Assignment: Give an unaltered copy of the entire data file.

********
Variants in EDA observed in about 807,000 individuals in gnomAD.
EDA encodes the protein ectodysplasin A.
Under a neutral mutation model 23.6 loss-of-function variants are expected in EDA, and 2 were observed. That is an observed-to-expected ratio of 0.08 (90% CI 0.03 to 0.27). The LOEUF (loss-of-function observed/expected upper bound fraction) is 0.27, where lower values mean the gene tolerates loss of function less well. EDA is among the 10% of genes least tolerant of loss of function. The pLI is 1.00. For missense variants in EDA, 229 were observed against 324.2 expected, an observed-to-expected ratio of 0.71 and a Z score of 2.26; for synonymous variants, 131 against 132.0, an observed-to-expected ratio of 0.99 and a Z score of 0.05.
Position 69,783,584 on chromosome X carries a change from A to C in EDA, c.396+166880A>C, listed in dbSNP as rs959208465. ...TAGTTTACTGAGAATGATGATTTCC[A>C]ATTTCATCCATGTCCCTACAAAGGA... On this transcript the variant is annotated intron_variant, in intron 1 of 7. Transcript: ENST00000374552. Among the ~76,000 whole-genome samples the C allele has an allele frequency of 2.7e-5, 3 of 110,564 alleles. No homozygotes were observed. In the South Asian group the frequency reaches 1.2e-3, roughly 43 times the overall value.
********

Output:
Variants in EDA observed in about 807,000 individuals in gnomAD.
EDA encodes the protein ectodysplasin A.
Under a neutral mutation model 23.6 loss-of-function variants are expected in EDA, and 2 were observed. That is an observed-to-expected ratio of 0.08 (90% CI 0.03 to 0.27). The LOEUF (loss-of-function observed/expected upper bound fraction) is 0.27, where lower values mean the gene tolerates loss of function less well. EDA is among the 10% of genes least tolerant of loss of function. The pLI is 1.00. For missense variants in EDA, 229 were observed against 324.2 expected, an observed-to-expected ratio of 0.71 and a Z score of 2.26; for synonymous variants, 131 against 132.0, an observed-to-expected ratio of 0.99 and a Z score of 0.05.
Position 69,783,584 on chromosome X carries a change from A to C in EDA, c.396+166880A>C, listed in dbSNP as rs959208465. ...TAGTTTACTGAGAATGATGATTTCC[A>C]ATTTCATCCATGTCCCTACAAAGGA... On this transcript the variant is annotated intron_variant, in intron 1 of 7. Transcript: ENST00000374552. Among the ~76,000 whole-genome samples the C allele has an allele frequency of 2.7e-5, 3 of 110,564 alleles. No homozygotes were observed. In the South Asian group the frequency reaches 1.2e-3, roughly 43 times the overall value.